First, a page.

Head-on replication–transcription conflict is especially bitter in bacterial chromosomes, explaining why actively transcribed genes are always co-oriented with replication. The mechanism of this conflict remains unclear, besides the anticipated accumulation of positive supercoils between head-on-conflicting polymerases. Unexpectedly, experiments in bacterial and human cells reveal that head-on replication–transcription conflict induces R-loops, indicating hypernegative supercoiling [(−)sc] in the region – precisely the opposite of that assumed. Further, as a result of these R-loops, both replication and transcription in the affected region permanently stall, so the failure of R-loop removal in RNase H-deficient bacteria becomes lethal. How hyper(−)sc emerges in the middle of a positively supercoiled chromosomal domain is a mystery that requires rethinking of topoisomerase action around polymerases.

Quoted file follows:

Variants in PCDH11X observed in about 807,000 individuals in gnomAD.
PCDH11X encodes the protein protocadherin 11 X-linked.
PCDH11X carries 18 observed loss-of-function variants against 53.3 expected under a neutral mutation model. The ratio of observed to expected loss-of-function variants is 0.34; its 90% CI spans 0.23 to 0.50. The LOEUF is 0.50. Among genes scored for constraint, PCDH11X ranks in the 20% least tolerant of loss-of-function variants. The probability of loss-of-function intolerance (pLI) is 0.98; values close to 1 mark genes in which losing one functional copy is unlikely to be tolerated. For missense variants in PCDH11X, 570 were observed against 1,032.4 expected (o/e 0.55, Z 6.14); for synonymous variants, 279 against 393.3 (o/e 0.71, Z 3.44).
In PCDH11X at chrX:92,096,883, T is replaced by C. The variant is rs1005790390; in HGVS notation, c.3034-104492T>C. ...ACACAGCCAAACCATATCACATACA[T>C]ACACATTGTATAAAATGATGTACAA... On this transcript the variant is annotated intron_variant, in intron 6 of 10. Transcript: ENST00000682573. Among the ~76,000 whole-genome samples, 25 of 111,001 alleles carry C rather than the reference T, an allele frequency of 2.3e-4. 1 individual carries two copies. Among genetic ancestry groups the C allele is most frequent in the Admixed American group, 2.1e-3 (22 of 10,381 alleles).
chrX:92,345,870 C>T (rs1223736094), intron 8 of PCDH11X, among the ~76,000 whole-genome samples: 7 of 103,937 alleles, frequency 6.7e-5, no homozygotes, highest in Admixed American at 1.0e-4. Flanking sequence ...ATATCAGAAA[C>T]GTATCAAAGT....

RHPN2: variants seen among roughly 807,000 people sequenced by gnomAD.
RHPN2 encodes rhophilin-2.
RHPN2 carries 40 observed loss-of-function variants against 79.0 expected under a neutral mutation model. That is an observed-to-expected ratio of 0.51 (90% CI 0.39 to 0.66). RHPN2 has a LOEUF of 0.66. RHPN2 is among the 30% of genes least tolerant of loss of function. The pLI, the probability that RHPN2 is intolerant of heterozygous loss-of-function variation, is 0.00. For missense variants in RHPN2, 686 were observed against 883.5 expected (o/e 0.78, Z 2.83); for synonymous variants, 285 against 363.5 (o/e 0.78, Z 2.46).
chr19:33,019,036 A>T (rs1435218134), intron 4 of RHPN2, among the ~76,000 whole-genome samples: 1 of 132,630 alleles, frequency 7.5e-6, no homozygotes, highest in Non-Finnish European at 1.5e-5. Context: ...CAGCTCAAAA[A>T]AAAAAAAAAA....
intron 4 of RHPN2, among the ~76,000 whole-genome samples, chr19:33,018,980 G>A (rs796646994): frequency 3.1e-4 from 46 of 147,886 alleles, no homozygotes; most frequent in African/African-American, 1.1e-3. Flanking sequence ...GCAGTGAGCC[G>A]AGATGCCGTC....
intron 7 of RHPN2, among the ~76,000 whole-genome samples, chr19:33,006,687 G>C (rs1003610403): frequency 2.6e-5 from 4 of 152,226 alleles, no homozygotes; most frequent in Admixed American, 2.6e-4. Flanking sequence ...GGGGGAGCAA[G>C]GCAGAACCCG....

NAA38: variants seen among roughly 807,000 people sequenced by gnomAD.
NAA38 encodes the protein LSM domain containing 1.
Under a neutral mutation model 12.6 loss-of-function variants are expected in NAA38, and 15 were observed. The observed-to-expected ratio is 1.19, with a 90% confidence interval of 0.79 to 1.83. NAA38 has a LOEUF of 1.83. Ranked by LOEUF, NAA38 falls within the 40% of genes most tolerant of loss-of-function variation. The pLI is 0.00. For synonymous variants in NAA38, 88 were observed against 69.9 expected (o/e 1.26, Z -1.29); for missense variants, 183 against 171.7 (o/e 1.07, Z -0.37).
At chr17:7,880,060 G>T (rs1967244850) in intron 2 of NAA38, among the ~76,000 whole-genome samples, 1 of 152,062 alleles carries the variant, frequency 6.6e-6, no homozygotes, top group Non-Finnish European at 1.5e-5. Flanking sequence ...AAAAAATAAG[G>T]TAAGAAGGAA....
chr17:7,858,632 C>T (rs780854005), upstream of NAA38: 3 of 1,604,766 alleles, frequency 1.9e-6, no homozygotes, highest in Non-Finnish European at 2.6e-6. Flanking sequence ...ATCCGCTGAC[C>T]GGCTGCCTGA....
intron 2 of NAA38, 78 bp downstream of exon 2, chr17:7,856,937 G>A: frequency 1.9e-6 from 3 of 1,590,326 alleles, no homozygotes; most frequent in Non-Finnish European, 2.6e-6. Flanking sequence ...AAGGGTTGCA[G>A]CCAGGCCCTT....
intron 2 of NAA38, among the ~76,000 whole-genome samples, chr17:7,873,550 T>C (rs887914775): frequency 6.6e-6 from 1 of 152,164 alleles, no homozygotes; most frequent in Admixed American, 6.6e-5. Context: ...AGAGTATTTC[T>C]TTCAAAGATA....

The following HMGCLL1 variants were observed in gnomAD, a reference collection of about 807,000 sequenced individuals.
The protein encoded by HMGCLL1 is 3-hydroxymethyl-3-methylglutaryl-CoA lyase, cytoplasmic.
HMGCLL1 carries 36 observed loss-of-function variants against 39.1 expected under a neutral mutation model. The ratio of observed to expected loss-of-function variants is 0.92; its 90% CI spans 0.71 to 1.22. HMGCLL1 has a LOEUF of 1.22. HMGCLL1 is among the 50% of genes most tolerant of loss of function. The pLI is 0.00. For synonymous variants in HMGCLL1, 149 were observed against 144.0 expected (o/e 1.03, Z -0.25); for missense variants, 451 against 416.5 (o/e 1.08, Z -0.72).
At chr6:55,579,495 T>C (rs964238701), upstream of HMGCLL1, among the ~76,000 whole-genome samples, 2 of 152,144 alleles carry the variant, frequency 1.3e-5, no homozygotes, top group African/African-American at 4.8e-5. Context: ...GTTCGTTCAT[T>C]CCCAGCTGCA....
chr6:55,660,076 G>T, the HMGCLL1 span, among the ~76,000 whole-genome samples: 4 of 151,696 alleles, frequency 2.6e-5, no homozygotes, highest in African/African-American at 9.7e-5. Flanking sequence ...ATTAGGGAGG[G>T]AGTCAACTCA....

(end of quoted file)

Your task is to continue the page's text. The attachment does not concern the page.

|Original language||English (US)|
|Number of pages||10|
|Journal||Trends in Genetics|
|State||Published - Feb 2018|
- RNase H
- replication–transcription conflicts
ASJC Scopus subject areas